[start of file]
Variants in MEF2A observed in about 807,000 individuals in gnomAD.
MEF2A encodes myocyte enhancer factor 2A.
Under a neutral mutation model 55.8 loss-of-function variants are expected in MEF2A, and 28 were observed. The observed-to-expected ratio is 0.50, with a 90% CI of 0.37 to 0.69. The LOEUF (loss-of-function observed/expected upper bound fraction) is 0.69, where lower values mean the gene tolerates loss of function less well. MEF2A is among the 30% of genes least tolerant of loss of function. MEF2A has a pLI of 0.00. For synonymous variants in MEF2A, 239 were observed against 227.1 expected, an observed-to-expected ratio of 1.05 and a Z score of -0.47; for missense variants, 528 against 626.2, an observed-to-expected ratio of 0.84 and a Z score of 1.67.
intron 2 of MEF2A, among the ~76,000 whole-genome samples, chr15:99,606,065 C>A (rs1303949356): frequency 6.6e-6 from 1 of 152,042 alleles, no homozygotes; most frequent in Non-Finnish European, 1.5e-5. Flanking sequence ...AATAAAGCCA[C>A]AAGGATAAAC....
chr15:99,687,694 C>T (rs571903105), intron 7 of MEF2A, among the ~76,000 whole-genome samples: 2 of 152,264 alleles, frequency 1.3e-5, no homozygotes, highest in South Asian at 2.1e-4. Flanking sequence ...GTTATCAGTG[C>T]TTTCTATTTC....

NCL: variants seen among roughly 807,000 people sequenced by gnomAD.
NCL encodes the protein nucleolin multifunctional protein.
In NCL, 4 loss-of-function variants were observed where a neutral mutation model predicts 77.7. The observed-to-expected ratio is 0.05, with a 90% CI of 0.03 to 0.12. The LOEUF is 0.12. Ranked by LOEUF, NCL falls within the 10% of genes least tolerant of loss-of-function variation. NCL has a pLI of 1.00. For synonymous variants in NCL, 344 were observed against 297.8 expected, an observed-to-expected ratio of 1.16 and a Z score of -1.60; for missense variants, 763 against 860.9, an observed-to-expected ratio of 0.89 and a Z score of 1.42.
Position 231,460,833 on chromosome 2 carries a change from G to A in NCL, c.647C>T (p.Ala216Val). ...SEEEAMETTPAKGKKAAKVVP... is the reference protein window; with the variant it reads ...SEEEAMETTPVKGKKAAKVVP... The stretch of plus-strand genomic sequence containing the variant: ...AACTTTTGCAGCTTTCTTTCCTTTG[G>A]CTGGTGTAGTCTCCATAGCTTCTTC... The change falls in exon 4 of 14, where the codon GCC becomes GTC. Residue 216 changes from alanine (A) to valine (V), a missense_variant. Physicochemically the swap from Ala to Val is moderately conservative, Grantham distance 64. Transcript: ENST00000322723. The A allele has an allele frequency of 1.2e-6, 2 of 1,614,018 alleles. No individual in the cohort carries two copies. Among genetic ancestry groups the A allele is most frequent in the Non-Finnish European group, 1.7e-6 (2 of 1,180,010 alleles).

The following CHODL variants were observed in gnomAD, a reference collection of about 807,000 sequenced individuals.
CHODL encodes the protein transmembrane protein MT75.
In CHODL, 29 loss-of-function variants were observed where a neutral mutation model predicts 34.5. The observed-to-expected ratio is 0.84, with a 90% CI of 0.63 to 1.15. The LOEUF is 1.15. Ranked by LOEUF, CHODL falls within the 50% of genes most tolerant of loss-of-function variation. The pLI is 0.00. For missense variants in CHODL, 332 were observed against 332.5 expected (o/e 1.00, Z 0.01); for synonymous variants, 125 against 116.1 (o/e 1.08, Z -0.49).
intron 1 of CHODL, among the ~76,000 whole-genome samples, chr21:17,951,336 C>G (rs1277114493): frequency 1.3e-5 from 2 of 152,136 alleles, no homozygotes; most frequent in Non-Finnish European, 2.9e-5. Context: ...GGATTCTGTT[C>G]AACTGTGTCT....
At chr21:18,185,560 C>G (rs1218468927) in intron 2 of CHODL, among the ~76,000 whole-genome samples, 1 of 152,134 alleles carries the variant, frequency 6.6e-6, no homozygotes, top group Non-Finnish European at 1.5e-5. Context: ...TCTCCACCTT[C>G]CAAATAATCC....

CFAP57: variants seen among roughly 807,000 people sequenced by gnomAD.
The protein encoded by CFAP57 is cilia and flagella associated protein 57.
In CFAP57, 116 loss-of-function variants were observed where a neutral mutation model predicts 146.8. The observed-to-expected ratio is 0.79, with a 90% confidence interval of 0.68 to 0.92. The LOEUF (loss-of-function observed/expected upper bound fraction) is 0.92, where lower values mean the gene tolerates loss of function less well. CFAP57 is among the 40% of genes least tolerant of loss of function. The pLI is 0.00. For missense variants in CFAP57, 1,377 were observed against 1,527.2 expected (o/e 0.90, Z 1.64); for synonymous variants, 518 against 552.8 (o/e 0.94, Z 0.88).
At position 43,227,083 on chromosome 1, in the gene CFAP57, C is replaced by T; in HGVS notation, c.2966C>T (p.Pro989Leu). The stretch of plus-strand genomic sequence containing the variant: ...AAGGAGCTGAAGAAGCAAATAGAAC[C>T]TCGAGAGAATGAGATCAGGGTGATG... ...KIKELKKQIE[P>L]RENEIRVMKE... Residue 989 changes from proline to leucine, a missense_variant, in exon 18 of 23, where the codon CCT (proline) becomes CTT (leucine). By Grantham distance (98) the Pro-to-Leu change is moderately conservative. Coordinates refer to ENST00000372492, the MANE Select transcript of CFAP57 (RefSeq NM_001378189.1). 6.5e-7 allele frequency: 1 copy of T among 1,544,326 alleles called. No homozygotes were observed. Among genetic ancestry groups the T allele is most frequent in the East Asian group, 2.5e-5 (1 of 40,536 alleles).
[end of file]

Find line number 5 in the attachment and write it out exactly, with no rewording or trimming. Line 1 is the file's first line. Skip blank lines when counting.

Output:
chr15:99,687,694 C>T (rs571903105), intron 7 of MEF2A, among the ~76,000 whole-genome samples: 2 of 152,264 alleles, frequency 1.3e-5, no homozygotes, highest in South Asian at 2.1e-4. Flanking sequence ...GTTATCAGTG[C>T]TTTCTATTTC....